Advisory Partner and Mining Leader at Pricewaterhousecoopers (PwC) Nigeria, Cyril Azobu, told ROSELINE OKERE that replacing crude oil with solid minerals as economic mainstay will take years of consistent efforts to get the policy environment right, investing in critical infrastructure and creating a sector that will be more attractive to investors. He also emphasised the need for indigenous mining firms to make themselves more attractive to foreign investment and funding.
Nigerian mining companies need to make themselves more attractive to foreign investment and funding, says Azobu
Many are of the view that the country is not earning commensurately from the exploitation of her solid minerals by foreign firms. So, are you satisfied with foreign participation in the solid minerals?
No, I am not satisfied with the current level of foreign participation in the sector and indeed, we have a lot more to do in this regard. A number of incentives have been put in place to help attract global mining companies including, tax holidays, import duty exemptions, and even provision for 100 per cent foreign ownership of mining concerns. While this is commendable, other issues around security of mining sites and infrastructure need to also be addressed before we can get the level of foreign investment the sector needs to experience a boom.
Also, indigenous mining companies need to make themselves more attractive to foreign investments and funding. This involves structuring their businesses and operations in line with global best practices. There is need for better financial record keeping and reporting; proper audits of financial statements; recruitment of the right resources; corporate governance and tax compliance, etc. This is one area with large room for improvement, as the sector becomes more formal.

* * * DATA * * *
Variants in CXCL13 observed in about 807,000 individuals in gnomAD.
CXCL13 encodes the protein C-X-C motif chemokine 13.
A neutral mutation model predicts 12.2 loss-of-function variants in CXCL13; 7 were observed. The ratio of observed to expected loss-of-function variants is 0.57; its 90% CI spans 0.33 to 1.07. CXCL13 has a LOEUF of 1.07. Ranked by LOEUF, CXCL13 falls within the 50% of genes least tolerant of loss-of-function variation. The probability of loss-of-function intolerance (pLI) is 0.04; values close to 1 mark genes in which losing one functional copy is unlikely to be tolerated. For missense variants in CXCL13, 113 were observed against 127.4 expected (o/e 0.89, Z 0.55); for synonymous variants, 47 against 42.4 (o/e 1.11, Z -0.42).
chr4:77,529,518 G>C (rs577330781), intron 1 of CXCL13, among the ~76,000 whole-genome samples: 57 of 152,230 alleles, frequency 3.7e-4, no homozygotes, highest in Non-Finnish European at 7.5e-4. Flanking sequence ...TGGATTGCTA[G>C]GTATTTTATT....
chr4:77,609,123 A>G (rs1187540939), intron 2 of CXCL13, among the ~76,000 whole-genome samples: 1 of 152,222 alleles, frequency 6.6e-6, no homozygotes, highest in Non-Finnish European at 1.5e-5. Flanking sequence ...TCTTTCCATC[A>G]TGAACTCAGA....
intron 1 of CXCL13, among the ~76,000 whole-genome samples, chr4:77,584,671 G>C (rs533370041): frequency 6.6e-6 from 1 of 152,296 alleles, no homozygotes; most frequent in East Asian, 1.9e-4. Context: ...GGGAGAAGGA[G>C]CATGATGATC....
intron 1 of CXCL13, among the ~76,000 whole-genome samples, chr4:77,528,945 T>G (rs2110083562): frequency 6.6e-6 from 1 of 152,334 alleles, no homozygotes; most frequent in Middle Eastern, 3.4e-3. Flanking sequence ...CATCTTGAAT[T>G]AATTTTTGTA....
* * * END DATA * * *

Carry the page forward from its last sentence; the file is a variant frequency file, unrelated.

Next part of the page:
Activities of illegal miners are also raping the Federal Government of resources. Are there no ways of immediately ending this?
There has over the years been a preponderance of largely informal operations fraught with the use of crude equipment and extremely dangerous working practices because of the absence of a formal policy on artisanal mining. Therefore, the first step in tackling illegal miners is to address this by providing training, access to funding and organising them into cooperatives. This will help them formalise their activities.
For example, the N5b fund put together by the SMDF and the BoI, which artisanal miners can access through the ministry by forming cooperatives, is a laudable idea. We hope and expect that the initiative reaches the stakeholders it was meant for. Also, private sector players should invest in niche areas of the mining lifecycle. Example, laboratories for testing, machinery leasing, purification and delineation equipment etc. Artisanal miners working as cooperatives can access these. It will assist them realise more value for their mining activities before sale to traders of mined products.